OMAHA When it comes to traffic, few things can stir up controversy like speed bumps. In Omaha, they're typically 12 feet long and four inches high, but the reactions from drivers are much bigger. In fact, some communities have even rallied to get the city to install speed bumps only to reverse course and rally to get them removed.
"I won't give you the street because I don't want to get anyone in trouble, but the same person who went to bat to get them in, went and rallied the neighbors to take them back out," said Todd Pfitzer, an Omaha city engineer.
Pfitzer said the city's changed the policy since that incident. If someone wants a speed bump in their neighborhood they must prove that 75 percent of their neighbors back the plan before a survey of the area is done. After it passes that first hurdle, the city looks into the amount of traffic and whether the street warrants a speed bump to curb speeding.
Still, people don't always see eye to eye when it comes to speed bumps. Tom Everson, the creator of Drive 25, Keep Kids Alive, told WOWT 6 News that he purposely doesn't sway people one way or the other when it comes to speed bumps. People often come to Everson looking for advice for stopping speeding issues in their neighborhoods, and as often as he gets requests for help to get speed bumps he also gets request to find help to get rid of them.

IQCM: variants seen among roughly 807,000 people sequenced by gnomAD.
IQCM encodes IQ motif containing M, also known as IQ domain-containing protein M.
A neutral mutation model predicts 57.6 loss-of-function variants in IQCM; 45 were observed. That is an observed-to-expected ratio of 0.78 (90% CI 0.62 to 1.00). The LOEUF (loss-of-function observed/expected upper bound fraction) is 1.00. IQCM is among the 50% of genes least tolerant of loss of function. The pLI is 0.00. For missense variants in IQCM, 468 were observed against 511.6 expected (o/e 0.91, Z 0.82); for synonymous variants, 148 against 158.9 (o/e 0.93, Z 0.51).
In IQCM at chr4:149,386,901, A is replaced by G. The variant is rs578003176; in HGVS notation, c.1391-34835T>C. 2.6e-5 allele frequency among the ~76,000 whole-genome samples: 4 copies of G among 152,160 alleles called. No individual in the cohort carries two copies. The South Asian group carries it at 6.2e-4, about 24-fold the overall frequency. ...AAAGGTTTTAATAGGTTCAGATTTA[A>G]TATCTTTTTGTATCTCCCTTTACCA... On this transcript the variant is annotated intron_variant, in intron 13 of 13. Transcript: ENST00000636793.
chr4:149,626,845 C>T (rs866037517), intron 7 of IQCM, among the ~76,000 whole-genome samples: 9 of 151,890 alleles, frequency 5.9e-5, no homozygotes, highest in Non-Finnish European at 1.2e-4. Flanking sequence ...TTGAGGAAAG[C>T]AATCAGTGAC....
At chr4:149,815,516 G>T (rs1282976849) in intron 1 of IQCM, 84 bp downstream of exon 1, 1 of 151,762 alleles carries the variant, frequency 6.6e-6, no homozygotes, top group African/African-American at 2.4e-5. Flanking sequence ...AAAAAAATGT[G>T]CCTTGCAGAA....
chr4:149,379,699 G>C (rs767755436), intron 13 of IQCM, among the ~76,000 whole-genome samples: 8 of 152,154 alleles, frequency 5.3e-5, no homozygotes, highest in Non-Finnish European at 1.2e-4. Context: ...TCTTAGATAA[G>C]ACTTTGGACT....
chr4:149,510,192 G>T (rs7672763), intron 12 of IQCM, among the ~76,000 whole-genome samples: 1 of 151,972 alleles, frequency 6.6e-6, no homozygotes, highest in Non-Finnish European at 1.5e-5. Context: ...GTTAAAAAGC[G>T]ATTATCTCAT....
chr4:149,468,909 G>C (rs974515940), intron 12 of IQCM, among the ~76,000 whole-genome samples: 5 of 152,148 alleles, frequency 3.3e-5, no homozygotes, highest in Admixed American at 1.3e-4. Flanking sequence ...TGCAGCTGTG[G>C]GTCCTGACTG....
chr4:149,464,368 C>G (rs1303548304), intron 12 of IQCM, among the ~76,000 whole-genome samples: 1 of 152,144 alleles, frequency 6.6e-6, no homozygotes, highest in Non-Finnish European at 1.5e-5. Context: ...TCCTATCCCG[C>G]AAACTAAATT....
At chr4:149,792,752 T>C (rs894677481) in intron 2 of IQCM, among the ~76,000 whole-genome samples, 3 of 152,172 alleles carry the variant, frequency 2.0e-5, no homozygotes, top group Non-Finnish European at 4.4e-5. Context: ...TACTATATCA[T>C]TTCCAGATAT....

"A lot of them want them to be taken out," said Everson. "Why? Because people drive faster in-between the speed bumps, so you have more people complaining who may not have been complaining before."
Everson said he's also heard complaints of young drivers purposely hitting speed bumps at higher speeds to go airborne.
Pfitzer said another common complaint is noise.
Despite arguments over whether the speed bumps do harm or good, numerous Omaha traffic studies have proven that speed bumps are effective. Since they're a source of debate, the WOWT 6 News Speed Zapper team set up a test of their own.
On 33rd Street, between Poppleton and Mason, two speed bumps are 1/5th of a mile apart. The Speed Zapper crew tracked speeds for more than an hour, and found the fewest speeders of any locations we've tracked in 2014. The average "top speed" between the speed bumps was 27 miles per hour. A typical Speed Zapper location will turn up a faster speed, and top speed of 10-15 miles per hour over the speed limit regularly.
Pfitzer said there have been situations in the past where speed bumps have not been as effective, in some cases they've gone back and added additional speed bumps to clear up the problems.
If you're interested in learning more about how to get a speed bump in your neighborhood click on the green tab in the upper right-hand corner of the Speed Zapper page. The link will take you to an informational page for the Omaha Public Works department that details the process.